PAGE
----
To accomplish this, the county executive has introduced the Taxpayer Relief Act of 2010 to the county Legislature. This would give him the authority to seek new negotiations with unions. Nassau County Legislature Minority Leader Diane Yatauro, who had several points of contention with the proposal, singled this out, saying, “His most unusual move is to gain power from the legislature to bust union contracts. This will embroil the county in a long legal debate.”
On another note, a major piece of the county executive’s plan involves saving $80 million a year in debt coming from the property tax assessment system. When taxpayers are overcharged and overpay on their tax bill, the county, which does assessments and approves the amount to be refunded in the event of an overcharge, has guaranteed that repayment. The new plan appears to stick that cost onto other bodies, like schools and towns.
Mixed responses have come in on this move. Critics accuse that this does not truly lower taxes, it just moves taxes into other budgets, outside of the county’s.
“This is a savings to the county, not to the county taxpayer,” said Jay L. T. Breakstone, president of the Nassau Suffolk School Board Association. “The individual taxpayer doesn’t vote on the county budget but school budgets are voted on directly by taxpayers in districts. So they will see exactly what the county executive did. They will understand: ‘One way or the other I pay this. Whether I pay it in county taxes where I don’t see it, or in school taxes where I do see it.’”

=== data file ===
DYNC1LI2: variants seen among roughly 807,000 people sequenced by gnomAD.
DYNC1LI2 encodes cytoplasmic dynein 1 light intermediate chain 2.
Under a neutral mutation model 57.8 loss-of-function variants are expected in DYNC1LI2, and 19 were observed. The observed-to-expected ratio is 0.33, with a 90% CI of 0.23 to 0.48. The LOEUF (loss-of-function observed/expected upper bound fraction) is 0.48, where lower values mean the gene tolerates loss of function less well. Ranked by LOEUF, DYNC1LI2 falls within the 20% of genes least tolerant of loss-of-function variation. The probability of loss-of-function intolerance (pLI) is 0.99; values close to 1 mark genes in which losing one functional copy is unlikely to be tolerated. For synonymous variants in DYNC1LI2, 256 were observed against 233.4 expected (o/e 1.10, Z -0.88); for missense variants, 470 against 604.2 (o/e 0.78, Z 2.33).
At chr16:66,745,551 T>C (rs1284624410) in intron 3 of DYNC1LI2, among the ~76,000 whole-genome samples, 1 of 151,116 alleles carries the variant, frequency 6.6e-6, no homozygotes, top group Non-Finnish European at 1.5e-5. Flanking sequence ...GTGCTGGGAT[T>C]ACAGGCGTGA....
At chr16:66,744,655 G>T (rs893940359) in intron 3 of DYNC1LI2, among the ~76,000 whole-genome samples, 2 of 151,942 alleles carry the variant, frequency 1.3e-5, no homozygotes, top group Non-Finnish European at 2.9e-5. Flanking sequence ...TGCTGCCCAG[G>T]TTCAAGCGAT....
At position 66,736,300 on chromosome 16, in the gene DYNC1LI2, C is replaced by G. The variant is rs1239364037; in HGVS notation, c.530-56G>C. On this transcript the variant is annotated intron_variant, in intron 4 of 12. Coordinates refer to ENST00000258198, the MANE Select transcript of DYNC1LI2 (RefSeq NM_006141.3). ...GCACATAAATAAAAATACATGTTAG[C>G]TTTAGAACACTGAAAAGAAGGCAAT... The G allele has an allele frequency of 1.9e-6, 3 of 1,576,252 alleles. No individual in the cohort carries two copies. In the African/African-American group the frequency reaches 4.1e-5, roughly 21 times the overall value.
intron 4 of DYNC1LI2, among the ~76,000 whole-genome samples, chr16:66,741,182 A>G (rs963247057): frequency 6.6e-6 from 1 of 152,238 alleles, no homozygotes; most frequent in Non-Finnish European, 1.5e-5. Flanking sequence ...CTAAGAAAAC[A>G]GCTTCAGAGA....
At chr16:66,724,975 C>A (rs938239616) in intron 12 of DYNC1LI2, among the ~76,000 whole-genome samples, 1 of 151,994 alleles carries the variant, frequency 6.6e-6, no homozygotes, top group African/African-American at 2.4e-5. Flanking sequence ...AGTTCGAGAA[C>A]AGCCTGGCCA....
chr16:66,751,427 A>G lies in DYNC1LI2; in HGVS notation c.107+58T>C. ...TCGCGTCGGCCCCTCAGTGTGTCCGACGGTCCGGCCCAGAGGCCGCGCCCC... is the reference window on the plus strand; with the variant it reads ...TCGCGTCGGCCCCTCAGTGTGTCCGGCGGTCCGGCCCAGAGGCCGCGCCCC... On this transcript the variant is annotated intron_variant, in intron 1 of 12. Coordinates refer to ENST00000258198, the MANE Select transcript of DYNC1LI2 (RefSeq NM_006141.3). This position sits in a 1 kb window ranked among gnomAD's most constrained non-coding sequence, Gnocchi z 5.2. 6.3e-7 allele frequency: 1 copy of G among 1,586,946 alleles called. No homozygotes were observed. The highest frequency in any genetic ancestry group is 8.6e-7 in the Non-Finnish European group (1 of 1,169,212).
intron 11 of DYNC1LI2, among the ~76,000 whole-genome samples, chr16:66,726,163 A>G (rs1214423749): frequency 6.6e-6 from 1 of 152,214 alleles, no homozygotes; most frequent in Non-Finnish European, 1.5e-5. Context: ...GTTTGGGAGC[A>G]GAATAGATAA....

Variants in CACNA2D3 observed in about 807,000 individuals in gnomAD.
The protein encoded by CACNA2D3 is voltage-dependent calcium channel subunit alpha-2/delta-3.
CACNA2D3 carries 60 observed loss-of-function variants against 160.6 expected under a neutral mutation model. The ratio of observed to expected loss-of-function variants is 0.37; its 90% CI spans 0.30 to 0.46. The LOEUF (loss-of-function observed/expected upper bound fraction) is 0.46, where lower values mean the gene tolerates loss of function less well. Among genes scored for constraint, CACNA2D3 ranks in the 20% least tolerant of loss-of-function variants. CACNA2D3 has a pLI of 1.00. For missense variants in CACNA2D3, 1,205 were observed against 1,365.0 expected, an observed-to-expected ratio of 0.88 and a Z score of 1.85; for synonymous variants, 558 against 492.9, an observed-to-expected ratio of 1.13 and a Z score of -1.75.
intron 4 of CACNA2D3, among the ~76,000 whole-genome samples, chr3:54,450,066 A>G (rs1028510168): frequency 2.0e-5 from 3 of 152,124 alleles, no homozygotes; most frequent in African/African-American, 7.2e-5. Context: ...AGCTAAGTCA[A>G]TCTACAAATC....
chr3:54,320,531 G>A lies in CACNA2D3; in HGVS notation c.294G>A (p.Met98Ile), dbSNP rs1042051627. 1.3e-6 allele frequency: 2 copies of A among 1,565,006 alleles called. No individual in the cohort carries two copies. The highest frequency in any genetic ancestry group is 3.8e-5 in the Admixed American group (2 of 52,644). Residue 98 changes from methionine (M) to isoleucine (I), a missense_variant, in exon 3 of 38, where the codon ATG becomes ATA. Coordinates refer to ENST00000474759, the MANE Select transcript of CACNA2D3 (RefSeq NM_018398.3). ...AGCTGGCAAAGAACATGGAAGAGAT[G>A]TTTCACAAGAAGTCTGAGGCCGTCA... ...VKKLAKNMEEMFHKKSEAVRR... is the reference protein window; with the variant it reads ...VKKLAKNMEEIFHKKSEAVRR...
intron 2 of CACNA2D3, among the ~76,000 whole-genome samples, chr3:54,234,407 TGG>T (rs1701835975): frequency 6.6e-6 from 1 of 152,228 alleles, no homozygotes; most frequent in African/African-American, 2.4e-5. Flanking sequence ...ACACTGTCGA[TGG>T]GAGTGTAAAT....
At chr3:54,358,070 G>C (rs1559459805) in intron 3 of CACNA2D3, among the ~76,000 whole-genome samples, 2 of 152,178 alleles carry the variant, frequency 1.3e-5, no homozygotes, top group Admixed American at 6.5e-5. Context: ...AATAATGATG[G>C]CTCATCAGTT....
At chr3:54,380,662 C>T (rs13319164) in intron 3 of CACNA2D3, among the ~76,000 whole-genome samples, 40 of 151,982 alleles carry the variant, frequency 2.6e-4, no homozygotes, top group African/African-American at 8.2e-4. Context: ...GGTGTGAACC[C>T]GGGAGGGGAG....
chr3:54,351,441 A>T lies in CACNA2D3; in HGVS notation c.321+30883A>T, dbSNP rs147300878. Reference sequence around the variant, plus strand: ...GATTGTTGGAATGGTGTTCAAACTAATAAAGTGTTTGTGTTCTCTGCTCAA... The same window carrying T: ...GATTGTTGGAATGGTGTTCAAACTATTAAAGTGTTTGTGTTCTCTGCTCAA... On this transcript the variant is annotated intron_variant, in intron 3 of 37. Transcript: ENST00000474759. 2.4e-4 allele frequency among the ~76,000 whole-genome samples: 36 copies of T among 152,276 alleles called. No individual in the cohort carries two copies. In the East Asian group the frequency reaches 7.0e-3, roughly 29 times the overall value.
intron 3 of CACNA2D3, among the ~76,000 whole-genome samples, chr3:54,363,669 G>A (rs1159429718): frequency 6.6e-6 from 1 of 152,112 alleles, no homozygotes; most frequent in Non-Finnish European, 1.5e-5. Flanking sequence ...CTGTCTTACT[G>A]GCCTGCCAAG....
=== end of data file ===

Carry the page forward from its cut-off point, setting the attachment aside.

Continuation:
The school advocate added, “If the county can pass a bill that says you have to pay their costs, why can’t we pass a bill that says they have to pay our school costs. Districts in Nassau could make their budgets look a lot better if they made the county pay part of it, like he is doing to the schools.”
Town of North Hempstead Supervisor Jon Kaiman echoed the sentiment, saying, “I don’t think it is appropriate to ask the towns and the schools to cover the costs of overcharges when it is the county that sets the original amount owed and then makes the determination on whether to grant the tax reduction. If they get it right the first time, then there is no additional money to be paid. The bottom line is that it is simply not fair for the county to make the decisions while the local governments and the schools pick up the bill.”
Legislator Yatauro emphasized the idea that this move will make other taxes go up, saying “[Mangano] proposes ending the long-held policy of refunding excess collected taxes to school districts and municipalities. This would force these jurisdictions to raise our taxes.”
Town of Oyster Bay Supervisor John Venditto was more supportive. He said, “During these difficult economic times, everyone is going to have to work together to solve the county’s fiscal problems, which have been years in the making. This move by the county is going to place a burden on us. Having said that, we’re all residents of the county, and if this will help the county get on sound financial footing, we’re willing to do our part.”